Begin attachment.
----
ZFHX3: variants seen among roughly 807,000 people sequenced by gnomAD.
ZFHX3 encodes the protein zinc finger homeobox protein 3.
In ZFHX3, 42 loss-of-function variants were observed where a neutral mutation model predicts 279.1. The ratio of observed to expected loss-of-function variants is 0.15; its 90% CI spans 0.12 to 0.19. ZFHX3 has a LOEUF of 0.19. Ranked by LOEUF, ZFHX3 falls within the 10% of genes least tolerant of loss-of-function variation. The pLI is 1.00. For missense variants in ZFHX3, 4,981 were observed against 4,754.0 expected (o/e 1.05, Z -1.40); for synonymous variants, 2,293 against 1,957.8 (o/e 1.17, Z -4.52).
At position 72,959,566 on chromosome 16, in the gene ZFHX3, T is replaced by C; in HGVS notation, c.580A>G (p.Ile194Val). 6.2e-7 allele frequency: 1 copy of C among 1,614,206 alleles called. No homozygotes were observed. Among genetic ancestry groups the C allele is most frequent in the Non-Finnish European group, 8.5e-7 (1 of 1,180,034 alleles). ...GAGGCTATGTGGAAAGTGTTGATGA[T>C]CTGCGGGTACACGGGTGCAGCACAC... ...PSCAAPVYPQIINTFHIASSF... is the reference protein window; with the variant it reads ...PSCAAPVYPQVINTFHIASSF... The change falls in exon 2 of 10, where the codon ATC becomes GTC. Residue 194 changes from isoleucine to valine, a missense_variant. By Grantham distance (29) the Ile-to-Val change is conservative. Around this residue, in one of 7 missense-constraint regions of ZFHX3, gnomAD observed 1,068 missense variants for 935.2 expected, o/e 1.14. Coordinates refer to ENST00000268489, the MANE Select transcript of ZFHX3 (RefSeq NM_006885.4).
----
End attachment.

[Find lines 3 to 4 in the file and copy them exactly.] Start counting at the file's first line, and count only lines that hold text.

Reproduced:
In ZFHX3, 42 loss-of-function variants were observed where a neutral mutation model predicts 279.1. The ratio of observed to expected loss-of-function variants is 0.15; its 90% CI spans 0.12 to 0.19. ZFHX3 has a LOEUF of 0.19. Ranked by LOEUF, ZFHX3 falls within the 10% of genes least tolerant of loss-of-function variation. The pLI is 1.00. For missense variants in ZFHX3, 4,981 were observed against 4,754.0 expected (o/e 1.05, Z -1.40); for synonymous variants, 2,293 against 1,957.8 (o/e 1.17, Z -4.52).
At position 72,959,566 on chromosome 16, in the gene ZFHX3, T is replaced by C; in HGVS notation, c.580A>G (p.Ile194Val). 6.2e-7 allele frequency: 1 copy of C among 1,614,206 alleles called. No homozygotes were observed. Among genetic ancestry groups the C allele is most frequent in the Non-Finnish European group, 8.5e-7 (1 of 1,180,034 alleles). ...GAGGCTATGTGGAAAGTGTTGATGA[T>C]CTGCGGGTACACGGGTGCAGCACAC... ...PSCAAPVYPQIINTFHIASSF... is the reference protein window; with the variant it reads ...PSCAAPVYPQVINTFHIASSF... The change falls in exon 2 of 10, where the codon ATC becomes GTC. Residue 194 changes from isoleucine to valine, a missense_variant. By Grantham distance (29) the Ile-to-Val change is conservative. Around this residue, in one of 7 missense-constraint regions of ZFHX3, gnomAD observed 1,068 missense variants for 935.2 expected, o/e 1.14. Coordinates refer to ENST00000268489, the MANE Select transcript of ZFHX3 (RefSeq NM_006885.4).